Specifically targeting and manipulating living cells is a key challenge in biomedicine and in cancer research in particular. Several studies have shown that nanoparticles irradiated by intense lasers are capable of conveying damage to nearby cells for various therapeutic and biological applications. In this work we utilize ultrashort laser pulses and gold nanospheres for the generation of localized, nanometric disruptions on the membranes of specifically targeted cells. The high structural stability of the nanospheres and the resonance pulse irradiation allow effective means for controlling the induced nanometric effects. The technique is demonstrated by inducing desired death mechanisms in epidermoid carcinoma and Burkitt lymphoma cells, and initiating efficient cell fusion between various cell types. Main advantages of the presented approach include low toxicity, high specificity and high flexibility in the regulation of cell damage and cell fusion, which would allow it to play an important role in various future clinical and scientific applications.
Figure 1: Schematic of the optical system for nano-manipulations of cells. A beam from an optical parametric amplifier (OPA) at wavelength 550 nm (green line) was scanning the sample using two scanning mirrors. A single lens (L1) was used to reduce the beam’s diameter on the sample to 250-350 micron. For two-photon imaging, the beam from the Ti:Sapphire oscillator was picked using a flipped mirror (M), scanned and magnified using lenses L2 and L3, and focused by inserting an objective lens before the sample. The two-photon fluorescence signal was detected by a photo-multiplier tube (PMT) after replacing the high reflectivity (HR) mirror by a dichroic short-pass mirror (LP-700). After irradiation, time lapse imaging was conducted by replacing the dichroic mirror with different filter cubes optimized for the specific fluorescence markers. Schematic illustrations show (I) the irradiation pattern of the pulse beam, (II) the irradiated nanoparticle-targeted cells, and (III) the extent of the nanometric effect induced by each nanoparticle, including the near field enhancement beyond the ionization threshold (red regions), the spherical shock wavefront (gray sphere), and the affected area on the membrane (dashed circle).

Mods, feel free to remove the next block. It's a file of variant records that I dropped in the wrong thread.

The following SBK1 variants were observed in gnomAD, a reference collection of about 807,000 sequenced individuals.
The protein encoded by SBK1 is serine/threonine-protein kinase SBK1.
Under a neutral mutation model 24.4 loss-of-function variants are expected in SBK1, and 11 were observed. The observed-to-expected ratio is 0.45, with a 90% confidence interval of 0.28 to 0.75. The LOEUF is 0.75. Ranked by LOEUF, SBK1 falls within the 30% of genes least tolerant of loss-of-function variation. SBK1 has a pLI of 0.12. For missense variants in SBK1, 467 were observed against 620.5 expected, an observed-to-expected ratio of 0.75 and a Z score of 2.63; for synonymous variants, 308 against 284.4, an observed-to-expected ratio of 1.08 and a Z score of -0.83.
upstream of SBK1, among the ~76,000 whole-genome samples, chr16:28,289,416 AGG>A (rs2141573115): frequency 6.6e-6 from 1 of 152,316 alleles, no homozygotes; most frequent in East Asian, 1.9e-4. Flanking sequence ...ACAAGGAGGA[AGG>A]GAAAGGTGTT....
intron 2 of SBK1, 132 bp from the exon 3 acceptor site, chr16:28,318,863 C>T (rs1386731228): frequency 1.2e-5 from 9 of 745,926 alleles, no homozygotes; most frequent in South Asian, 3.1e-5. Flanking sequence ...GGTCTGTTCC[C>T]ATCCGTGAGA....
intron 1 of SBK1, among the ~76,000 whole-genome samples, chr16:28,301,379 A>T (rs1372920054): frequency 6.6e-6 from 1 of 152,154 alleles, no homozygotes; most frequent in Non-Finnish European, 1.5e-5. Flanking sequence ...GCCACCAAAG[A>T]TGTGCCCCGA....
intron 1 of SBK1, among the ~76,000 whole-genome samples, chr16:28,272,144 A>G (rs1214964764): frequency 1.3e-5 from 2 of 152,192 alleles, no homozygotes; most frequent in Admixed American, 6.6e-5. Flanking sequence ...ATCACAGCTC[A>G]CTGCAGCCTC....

Figure 2: Gold nanoparticles on carcinoma cell membranes. Two-photon imaging of A431 cells incubated with (a) anti-EGFR coated gold nanoparticles, (b) no nanoparticles and (c) PEG-coated gold nanoparticles. Scale bars in a-c represent 30 micron. (d) Scanning electron microscopy of a cell membrane targeted by anti-EGFR gold nanoparticles. (e) Scanning electron microscopy using the back scattering detector reveals bright reflections indicative of gold particles (marked by arrows). Scale bars in d-e represent 100 nm.
Figure 3: Damaging carcinoma cells using anti-EGFR coated nanoparticles and resonance femtosecond pulse irradiation. (a) Gold nanoparticle-conjugated cells irradiated by 16 pulses. (b) Non-conjugated cells, 16 pulses. (c) Conjugated cells irradiated by 4 pulses. (d) Non-conjugated cells, 4 pulses. (e) Conjugated cells irradiated by 1 pulse. (f) Non-conjugated cells, 1 pulse. Multi-nucleated cells margins are marked by white dashed curves in (c). Scale bars represent 50 micron. Red nuclei indicate necrotic cells. Green stain indicates apoptosis. Panels a-d show cells 5 hours after irradiation. Panels e, f show cells 23 hours after irradiation.
Figure 6: Induction of cell fusion. (a) Time sequence of fluorescence images of fusing BJAB cells superimposed on phase contrast images, following irradiation by 5 pulses in the presence of non-specific gold nanoparticles. Plasma membranes were green labeled. (b) Formation of a hybridoma cell. Time sequence of fluorescence images of human BJAB cells (red nuclei) and murine (NSO) cells (blue nuclei) superimposed on phase contrast images, following irradiation of 5 pulses in the presence of non-specific gold nanoparticles. Scale bars represent 10 micron.
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Scientific Reports 10.1038, srep02146(2013)